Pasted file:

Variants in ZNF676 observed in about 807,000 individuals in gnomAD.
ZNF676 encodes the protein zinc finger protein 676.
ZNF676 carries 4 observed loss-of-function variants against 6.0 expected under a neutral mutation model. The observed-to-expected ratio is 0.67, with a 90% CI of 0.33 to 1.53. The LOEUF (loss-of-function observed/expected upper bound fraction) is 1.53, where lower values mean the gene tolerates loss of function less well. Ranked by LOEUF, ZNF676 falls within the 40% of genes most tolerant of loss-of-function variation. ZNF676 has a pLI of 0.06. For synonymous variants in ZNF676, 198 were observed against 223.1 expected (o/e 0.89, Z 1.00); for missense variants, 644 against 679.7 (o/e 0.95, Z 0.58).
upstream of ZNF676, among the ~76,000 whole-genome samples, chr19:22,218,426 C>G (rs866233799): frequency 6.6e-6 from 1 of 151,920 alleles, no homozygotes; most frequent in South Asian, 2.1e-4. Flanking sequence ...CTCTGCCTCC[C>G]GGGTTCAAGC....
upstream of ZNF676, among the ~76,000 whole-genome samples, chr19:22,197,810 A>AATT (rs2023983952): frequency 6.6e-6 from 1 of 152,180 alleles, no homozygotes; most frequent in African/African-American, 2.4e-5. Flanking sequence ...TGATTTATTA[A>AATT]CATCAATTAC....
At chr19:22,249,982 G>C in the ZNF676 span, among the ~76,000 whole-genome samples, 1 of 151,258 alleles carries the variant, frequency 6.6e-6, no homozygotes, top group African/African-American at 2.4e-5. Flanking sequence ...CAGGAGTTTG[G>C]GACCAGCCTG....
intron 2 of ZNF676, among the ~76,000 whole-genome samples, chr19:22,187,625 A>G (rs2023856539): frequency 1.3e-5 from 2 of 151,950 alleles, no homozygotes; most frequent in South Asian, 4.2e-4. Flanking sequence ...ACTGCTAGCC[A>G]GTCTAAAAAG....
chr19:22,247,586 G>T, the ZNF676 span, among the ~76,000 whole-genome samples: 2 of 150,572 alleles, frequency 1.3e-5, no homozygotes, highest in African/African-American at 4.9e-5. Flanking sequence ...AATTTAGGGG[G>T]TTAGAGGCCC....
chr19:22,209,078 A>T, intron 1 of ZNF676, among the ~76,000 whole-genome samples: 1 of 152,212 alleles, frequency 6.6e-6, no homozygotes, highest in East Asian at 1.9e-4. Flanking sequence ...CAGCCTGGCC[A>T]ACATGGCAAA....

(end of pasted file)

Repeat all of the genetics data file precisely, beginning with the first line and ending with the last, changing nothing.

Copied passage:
Variants in ZNF676 observed in about 807,000 individuals in gnomAD.
ZNF676 encodes the protein zinc finger protein 676.
ZNF676 carries 4 observed loss-of-function variants against 6.0 expected under a neutral mutation model. The observed-to-expected ratio is 0.67, with a 90% CI of 0.33 to 1.53. The LOEUF (loss-of-function observed/expected upper bound fraction) is 1.53, where lower values mean the gene tolerates loss of function less well. Ranked by LOEUF, ZNF676 falls within the 40% of genes most tolerant of loss-of-function variation. ZNF676 has a pLI of 0.06. For synonymous variants in ZNF676, 198 were observed against 223.1 expected (o/e 0.89, Z 1.00); for missense variants, 644 against 679.7 (o/e 0.95, Z 0.58).
upstream of ZNF676, among the ~76,000 whole-genome samples, chr19:22,218,426 C>G (rs866233799): frequency 6.6e-6 from 1 of 151,920 alleles, no homozygotes; most frequent in South Asian, 2.1e-4. Flanking sequence ...CTCTGCCTCC[C>G]GGGTTCAAGC....
upstream of ZNF676, among the ~76,000 whole-genome samples, chr19:22,197,810 A>AATT (rs2023983952): frequency 6.6e-6 from 1 of 152,180 alleles, no homozygotes; most frequent in African/African-American, 2.4e-5. Flanking sequence ...TGATTTATTA[A>AATT]CATCAATTAC....
At chr19:22,249,982 G>C in the ZNF676 span, among the ~76,000 whole-genome samples, 1 of 151,258 alleles carries the variant, frequency 6.6e-6, no homozygotes, top group African/African-American at 2.4e-5. Flanking sequence ...CAGGAGTTTG[G>C]GACCAGCCTG....
intron 2 of ZNF676, among the ~76,000 whole-genome samples, chr19:22,187,625 A>G (rs2023856539): frequency 1.3e-5 from 2 of 151,950 alleles, no homozygotes; most frequent in South Asian, 4.2e-4. Flanking sequence ...ACTGCTAGCC[A>G]GTCTAAAAAG....
chr19:22,247,586 G>T, the ZNF676 span, among the ~76,000 whole-genome samples: 2 of 150,572 alleles, frequency 1.3e-5, no homozygotes, highest in African/African-American at 4.9e-5. Flanking sequence ...AATTTAGGGG[G>T]TTAGAGGCCC....
chr19:22,209,078 A>T, intron 1 of ZNF676, among the ~76,000 whole-genome samples: 1 of 152,212 alleles, frequency 6.6e-6, no homozygotes, highest in East Asian at 1.9e-4. Flanking sequence ...CAGCCTGGCC[A>T]ACATGGCAAA....